It is this constant blending of the future with the present and the past, that gives to the historic record of the Old Testament a lofty character, that distinguishes it from all other history in the annals of time. It is founded on prophecy, and prediction pervades and mingles with it all. The historians, as they arose one after another, at longer or shorter periods, never seem to have forgot, for a moment, that they were witnesses for God that they were recording events in which his hand was ever visible. They write with the full confidence of men who possess a perfect knowledge of the principles of that law, under which they were placed, and who trace, with unhesitating certainty, events to their moral causes, exhibiting the result of a people's conduct, in the prosperity or adversity that is their lot. Civil history, indeed, affords general data for judging of the future; and clear-sighted politicians, forming conclusions from a long series of concatenated events, and established political principles, may frequently form pretty accurate conjectures in regard to the future, on the large scale, in the destinies of nations. But this mere political sagacity, depending upon the regular operation of known principles in human nature, influencing the movements of human society, is very different from the spirit of that style of prediction which pervades the whole Old Testament history. There nothing is conjecture—no statement is made, as if it were a matter of doubtful opinion—no future event is pointed out to the hopes or fears of the people, as depending upon an uncertain contingency. All the writers express themselves with the evident consciousness of being amanuenses to a king, who had an unchecked control over every event which he called upon them to record.

Though our present topic of argument is the Old Testament record, as the history of God's interference with the affairs of this world, we cannot cast out of sight this its prophetic character. Prophecy, according to the definition of Bacon, is the divine history of the future; and it is this which is the grand characteristic of the records we are examining. We remark, besides, that though we are considering the question of the divine authority of the Old Testament, we do not, by any means, intend to view it as an isolated and independent system, which throws full light of itself upon the bearings of all

the re

its doctrines and institutions. We view it as a plan, which is proved to be the contrivance of infinite wisdom, and under the ever present superintendence of infinite power; but still a plan which can be explained, in all its extent and spirit, only as preparatory for, and subservient to, a fuller and clearer, without which most of its institutions have no meaning, and no efficiency. The law of Moses, and the history of the chosen people, give instruction of a kind, and to an extent, which no other law of human legislation ever gave; still it was intended only as a schoolmaster to bring the world to Christ, the great giver of that law, as he was the great object of all its institutions.

Considered, however, as a mere history, written through the long period of more than one thousand years, it is the most unique and most wonderful production that exists among cords of human composition. If we examine all other histories of ancient and modern times, we find all of them pervaded with different principles, inconsistent with, and most opposite to each other, pursuing different objects—censuring or applauding, in direct opposition, as these writers are biassed by prejudice or interest. Almost all are written with the design of aggrandizing the nation of the author, celebrating its virtues, or palliating its vices and crimes, and proportionally depreciating the virtues, and aggravating the vices of their enemies. With regard to many events and characters, civil history has changed its tone repeatedly in the course of ages. We find nothing of all this discrepancy and uncertainty of verdict in the sacred history. If one individual had existed through the whole of the generations that passed over the scene from its commencement to its close—had witnessed all the events recorded--known intimately the character of all the men who were actors in these events_had possessed all the experience and combined wisdom and philosophy of the four thousand years the world's existence, he could not have written with greater unity of design, nor more unwavering decision, in pronouncing condemnation or approval upon the conduct of individuals and of nations. It is this unchangeable and inflexible certainty of judgment—for it is not in the shape of opinion that these judgments are pronounced--that makes us feel we are under the guidance and instruction of a wisdom that is unerring. We are made to feel that the writers decide, not by outward acts and specious appearances, but lay open, with the unerring certainty of omniscience, all the windings of the human heart, all the secret springs of human conduct. In a word, the Scriptures of the Old Testament, considered as the history of responsible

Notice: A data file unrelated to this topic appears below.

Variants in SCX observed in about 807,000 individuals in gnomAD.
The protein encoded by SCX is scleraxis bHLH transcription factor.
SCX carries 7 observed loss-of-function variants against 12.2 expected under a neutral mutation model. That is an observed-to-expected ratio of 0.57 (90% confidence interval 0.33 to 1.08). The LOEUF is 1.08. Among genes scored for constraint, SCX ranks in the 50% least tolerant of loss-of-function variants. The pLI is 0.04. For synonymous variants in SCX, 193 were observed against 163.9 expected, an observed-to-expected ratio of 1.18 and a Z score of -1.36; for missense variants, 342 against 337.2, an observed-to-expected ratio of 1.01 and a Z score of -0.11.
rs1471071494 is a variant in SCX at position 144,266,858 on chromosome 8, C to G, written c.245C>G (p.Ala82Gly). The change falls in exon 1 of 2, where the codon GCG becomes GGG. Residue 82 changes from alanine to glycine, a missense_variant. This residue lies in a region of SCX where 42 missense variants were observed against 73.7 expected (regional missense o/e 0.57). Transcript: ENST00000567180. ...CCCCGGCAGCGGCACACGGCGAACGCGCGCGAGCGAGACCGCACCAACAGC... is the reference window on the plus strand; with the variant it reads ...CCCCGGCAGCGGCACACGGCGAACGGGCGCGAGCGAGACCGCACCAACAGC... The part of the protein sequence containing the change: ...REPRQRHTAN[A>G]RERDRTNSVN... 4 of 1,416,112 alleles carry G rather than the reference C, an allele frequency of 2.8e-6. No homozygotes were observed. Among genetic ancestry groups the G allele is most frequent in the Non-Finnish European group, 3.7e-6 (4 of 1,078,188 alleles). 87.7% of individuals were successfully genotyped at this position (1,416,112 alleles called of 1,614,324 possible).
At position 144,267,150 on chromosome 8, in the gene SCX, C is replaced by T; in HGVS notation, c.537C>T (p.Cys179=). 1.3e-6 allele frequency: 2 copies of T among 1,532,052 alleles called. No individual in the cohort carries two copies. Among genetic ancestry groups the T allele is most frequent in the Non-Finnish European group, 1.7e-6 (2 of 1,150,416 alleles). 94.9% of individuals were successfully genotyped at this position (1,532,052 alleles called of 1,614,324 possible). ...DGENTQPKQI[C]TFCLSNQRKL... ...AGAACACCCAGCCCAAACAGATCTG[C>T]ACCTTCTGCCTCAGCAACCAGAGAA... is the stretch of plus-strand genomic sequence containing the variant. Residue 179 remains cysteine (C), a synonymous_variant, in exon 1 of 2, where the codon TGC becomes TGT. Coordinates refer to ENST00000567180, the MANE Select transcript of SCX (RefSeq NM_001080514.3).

agents, under the moral government of God, and designed to teach men the unchangeable rules of his eternal law, and the pure doctrines of his heavenly truth, are as much above all other histories, as the certain rules and connected demonstration of the Newtonian philosophy are above the unfounded conjectures of barbarous ignorance. Taking such a view of this history as we have given above, we cannot come to any other conclusion, than that the author of it was far above all human prejudice and error; that he was possessed of a knowledge far above all human acquisition—a knowledge that looked through all the events of time, and recorded the history of time thousands of years before these events took place; that he was omniscient and divine.